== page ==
12:47 p.m. Madia was not able to answer an audience member's question as to whether people should be able to get insurance if they build or move into homes in say, a well-known flood plain. He said he had not thought about this issue.

12:53 p.m. Madia says his top preferences for committee assisgnments in Congress from Speaker Pelosi - should he be elected - would be the Armed Services Committe and the Budget Committee. Madia says he will not take a pledge to not support earmarks, because sometimes there are important projects that need to be funded (e.g. the I-35 construction legislation). But he says he would pledge not to sneak in pork 'in the middle of the night' and that any project he wanted funded he would subject to an up or down vote.

12:59 p.m. Madia says the three failed economic strategies of the past seven years have been massive deregulation, massive tax cuts during wartime, and too much borrow-and-spending.

Previous post: Election Profile: Wisconsin's 7th Congressional District (2008)
Next post: Live Blog: Erik Paulsen, GOP 3rd CD Candidate

3 Comments


  • I have no doubt the students and others at this event found out what supporters have known for some time...Ashwin Madia is a wise and knowledgeable individual that has well thought solutions to the problems facing our district, state, and nation. I have no doubt that after all three candidates are interviewed, the vote from these students would be overwhelmingly for Madia! Should he retire from politics in the future he'd make an incredible teacher.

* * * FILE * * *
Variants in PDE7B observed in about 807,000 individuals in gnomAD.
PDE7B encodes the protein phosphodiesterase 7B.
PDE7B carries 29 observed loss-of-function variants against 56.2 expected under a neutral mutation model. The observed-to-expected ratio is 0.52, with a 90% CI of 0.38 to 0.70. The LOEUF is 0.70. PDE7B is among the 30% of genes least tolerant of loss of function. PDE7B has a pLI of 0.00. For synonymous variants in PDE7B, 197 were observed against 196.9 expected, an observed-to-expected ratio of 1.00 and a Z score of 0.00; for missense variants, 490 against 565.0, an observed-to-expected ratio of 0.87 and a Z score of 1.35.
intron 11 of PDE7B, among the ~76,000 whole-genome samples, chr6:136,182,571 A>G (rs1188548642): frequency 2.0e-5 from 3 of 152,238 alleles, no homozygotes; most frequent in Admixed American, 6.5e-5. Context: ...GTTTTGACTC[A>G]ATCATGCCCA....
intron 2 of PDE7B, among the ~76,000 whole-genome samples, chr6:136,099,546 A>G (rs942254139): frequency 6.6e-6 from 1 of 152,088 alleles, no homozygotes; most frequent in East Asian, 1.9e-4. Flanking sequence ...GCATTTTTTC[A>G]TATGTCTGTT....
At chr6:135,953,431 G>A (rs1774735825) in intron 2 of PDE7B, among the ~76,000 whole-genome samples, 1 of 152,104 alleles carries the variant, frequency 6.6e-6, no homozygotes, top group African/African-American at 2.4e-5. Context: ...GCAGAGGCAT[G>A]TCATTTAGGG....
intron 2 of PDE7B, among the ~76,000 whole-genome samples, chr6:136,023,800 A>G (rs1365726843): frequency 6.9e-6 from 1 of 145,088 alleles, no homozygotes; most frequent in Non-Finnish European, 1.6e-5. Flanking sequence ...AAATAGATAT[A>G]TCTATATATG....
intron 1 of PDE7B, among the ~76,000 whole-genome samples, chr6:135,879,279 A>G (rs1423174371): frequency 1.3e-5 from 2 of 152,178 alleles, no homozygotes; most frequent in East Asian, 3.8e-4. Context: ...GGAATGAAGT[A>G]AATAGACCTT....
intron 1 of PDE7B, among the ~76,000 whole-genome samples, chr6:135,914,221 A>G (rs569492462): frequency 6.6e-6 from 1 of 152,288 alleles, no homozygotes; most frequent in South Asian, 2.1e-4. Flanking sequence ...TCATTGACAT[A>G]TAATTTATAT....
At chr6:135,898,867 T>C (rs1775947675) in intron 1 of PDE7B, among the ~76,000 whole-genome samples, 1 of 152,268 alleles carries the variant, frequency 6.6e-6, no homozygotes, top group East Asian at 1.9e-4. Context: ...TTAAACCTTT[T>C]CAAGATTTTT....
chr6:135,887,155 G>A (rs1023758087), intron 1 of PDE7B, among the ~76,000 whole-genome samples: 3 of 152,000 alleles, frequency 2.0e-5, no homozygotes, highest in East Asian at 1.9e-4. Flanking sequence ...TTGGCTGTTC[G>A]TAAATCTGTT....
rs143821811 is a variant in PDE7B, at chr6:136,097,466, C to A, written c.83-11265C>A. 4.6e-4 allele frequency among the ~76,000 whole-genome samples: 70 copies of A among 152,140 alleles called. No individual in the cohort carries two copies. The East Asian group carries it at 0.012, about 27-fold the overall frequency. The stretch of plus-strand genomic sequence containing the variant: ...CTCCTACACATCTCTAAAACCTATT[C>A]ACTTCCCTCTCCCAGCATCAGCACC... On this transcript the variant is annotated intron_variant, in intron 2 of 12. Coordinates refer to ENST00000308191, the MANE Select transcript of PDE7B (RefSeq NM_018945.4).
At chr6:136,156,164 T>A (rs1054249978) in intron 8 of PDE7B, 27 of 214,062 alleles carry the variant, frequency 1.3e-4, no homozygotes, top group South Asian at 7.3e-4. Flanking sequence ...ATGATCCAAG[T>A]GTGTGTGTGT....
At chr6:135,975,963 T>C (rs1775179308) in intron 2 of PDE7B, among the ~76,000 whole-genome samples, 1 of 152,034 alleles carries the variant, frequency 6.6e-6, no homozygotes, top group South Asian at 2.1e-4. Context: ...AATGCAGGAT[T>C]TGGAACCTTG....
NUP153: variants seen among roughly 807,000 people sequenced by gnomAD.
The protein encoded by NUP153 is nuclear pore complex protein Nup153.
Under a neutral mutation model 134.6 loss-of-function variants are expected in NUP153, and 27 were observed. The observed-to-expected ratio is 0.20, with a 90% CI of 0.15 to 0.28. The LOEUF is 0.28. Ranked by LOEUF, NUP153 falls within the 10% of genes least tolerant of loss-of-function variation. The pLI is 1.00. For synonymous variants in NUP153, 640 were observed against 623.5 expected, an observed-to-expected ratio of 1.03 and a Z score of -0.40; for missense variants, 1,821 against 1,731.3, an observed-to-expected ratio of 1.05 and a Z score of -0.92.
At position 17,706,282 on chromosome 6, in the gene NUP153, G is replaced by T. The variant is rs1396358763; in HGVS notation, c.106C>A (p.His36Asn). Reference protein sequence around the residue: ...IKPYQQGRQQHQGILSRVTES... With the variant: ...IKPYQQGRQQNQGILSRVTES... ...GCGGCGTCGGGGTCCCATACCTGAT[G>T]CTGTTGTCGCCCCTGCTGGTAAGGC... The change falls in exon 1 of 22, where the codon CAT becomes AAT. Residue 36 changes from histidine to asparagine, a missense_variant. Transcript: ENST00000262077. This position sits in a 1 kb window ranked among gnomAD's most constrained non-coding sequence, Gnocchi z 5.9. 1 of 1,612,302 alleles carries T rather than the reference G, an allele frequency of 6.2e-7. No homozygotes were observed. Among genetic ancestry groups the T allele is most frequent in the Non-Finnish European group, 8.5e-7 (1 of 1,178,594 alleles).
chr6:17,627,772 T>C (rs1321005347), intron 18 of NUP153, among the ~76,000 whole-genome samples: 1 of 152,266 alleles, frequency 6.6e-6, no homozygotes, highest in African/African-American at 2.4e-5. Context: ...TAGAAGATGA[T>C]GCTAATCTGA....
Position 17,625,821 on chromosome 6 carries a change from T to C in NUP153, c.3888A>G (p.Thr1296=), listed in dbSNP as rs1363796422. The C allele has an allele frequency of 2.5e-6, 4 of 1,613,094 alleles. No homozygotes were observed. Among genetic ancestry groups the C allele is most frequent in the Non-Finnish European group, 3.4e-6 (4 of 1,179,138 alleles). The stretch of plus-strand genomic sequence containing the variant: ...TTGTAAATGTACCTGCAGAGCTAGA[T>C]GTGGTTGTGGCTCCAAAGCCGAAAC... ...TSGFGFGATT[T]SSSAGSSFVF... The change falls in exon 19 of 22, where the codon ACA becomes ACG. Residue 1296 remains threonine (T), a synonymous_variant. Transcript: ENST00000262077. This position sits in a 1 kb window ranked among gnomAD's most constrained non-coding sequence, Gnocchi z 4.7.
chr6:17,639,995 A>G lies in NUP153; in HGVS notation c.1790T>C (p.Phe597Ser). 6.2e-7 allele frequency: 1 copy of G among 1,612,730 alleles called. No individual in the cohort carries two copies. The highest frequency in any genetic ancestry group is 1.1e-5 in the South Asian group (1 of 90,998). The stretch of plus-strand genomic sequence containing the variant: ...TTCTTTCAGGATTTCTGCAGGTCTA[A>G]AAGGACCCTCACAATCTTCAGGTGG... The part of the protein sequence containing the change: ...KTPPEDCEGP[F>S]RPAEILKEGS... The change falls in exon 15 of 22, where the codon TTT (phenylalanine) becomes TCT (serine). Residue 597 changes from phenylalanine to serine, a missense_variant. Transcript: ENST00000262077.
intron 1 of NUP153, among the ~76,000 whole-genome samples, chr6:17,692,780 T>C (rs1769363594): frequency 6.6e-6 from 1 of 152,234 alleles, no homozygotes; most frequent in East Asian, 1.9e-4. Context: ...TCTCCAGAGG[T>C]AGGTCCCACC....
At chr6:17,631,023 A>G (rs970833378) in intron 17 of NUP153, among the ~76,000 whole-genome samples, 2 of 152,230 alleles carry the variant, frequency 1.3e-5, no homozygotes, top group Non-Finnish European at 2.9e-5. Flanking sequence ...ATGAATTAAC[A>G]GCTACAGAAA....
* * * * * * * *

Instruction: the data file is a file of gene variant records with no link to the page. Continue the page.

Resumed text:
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  • Well, I was kinda disapointed he wasn't able to answer the question about insurance. Saying "I haven't thought about it" isn't very professional!

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    Remains of the Data

    Plurality-Winning Governors Elected At Century-Long High Water Mark

    The rate of gubernatorial candidates elected without the support of a majority of voters is at its highest level since the 1910s.

    Political Crumbs

    Seeing Red

    Congressman Nick Rahall's failed bid for a 20th term in West Virginia this cycle, combined with a narrow loss by Nick Casey to Alex Mooney in Shelley Moore Capito's open seat, means that West Virginia Democrats will be shut out of the state's U.S. House delegation for the first time in over 90 years. The Republican sweep by two-term incumbent David McKinley in the 1st CD, Mooney in the 2nd, and Evan Jenkins over Rahall in the 3rd marks the first time the GOP has held all seats in the chamber from West Virginia since the Election of 1920. During the 67th Congress (1921-1923) all six seats from the state were controlled by the GOP. Since the Election of 1922, Democrats have won 76 percent of all U.S. House elections in the Mountain State - capturing 172 seats compared to 54 for the GOP.


    Home Field Advantage?

    When the 114th Congress convenes in a few days, Maine will be represented by one home-grown U.S. Representative: Waterville-born Republican Bruce Poliquin. With the departure of Millinocket-born Mike Michaud, who launched a failed gubernatorial bid, the Pine Tree State was poised to send a House delegation to D.C. without any Maine-born members for the first time since 1821. Three-term U.S. Rep. Chellie Pingree (born in Minnesota) coasted to reelection as expected, however Poliquin edged Kentucky-born Emily Cain by 5.3 points to keep the streak alive. Since 1876, a total of 208 of the 222 candidates elected to the nation's lower legislative chamber from the state have been born in Maine, or 94 percent.